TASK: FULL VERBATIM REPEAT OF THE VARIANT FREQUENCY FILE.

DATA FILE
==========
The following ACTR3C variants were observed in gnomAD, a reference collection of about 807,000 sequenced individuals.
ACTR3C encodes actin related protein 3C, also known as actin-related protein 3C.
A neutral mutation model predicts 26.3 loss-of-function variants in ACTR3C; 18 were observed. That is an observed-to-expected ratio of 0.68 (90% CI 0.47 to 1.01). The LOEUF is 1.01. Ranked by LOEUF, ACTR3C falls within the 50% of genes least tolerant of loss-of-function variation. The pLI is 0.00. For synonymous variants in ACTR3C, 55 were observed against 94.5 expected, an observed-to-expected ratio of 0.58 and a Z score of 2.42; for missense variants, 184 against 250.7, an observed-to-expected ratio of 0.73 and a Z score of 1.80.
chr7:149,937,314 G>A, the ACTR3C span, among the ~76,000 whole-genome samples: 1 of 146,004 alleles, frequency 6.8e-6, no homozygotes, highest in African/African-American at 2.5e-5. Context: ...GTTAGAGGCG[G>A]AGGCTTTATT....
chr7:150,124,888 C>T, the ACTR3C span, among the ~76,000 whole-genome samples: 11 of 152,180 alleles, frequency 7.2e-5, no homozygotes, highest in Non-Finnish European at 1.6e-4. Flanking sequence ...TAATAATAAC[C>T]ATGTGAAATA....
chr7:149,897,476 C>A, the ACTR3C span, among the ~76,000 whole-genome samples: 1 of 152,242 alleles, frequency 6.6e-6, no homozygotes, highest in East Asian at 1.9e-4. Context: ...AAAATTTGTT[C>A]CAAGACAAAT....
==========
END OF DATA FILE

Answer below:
The following ACTR3C variants were observed in gnomAD, a reference collection of about 807,000 sequenced individuals.
ACTR3C encodes actin related protein 3C, also known as actin-related protein 3C.
A neutral mutation model predicts 26.3 loss-of-function variants in ACTR3C; 18 were observed. That is an observed-to-expected ratio of 0.68 (90% CI 0.47 to 1.01). The LOEUF is 1.01. Ranked by LOEUF, ACTR3C falls within the 50% of genes least tolerant of loss-of-function variation. The pLI is 0.00. For synonymous variants in ACTR3C, 55 were observed against 94.5 expected, an observed-to-expected ratio of 0.58 and a Z score of 2.42; for missense variants, 184 against 250.7, an observed-to-expected ratio of 0.73 and a Z score of 1.80.
chr7:149,937,314 G>A, the ACTR3C span, among the ~76,000 whole-genome samples: 1 of 146,004 alleles, frequency 6.8e-6, no homozygotes, highest in African/African-American at 2.5e-5. Context: ...GTTAGAGGCG[G>A]AGGCTTTATT....
chr7:150,124,888 C>T, the ACTR3C span, among the ~76,000 whole-genome samples: 11 of 152,180 alleles, frequency 7.2e-5, no homozygotes, highest in Non-Finnish European at 1.6e-4. Flanking sequence ...TAATAATAAC[C>T]ATGTGAAATA....
chr7:149,897,476 C>A, the ACTR3C span, among the ~76,000 whole-genome samples: 1 of 152,242 alleles, frequency 6.6e-6, no homozygotes, highest in East Asian at 1.9e-4. Context: ...AAAATTTGTT[C>A]CAAGACAAAT....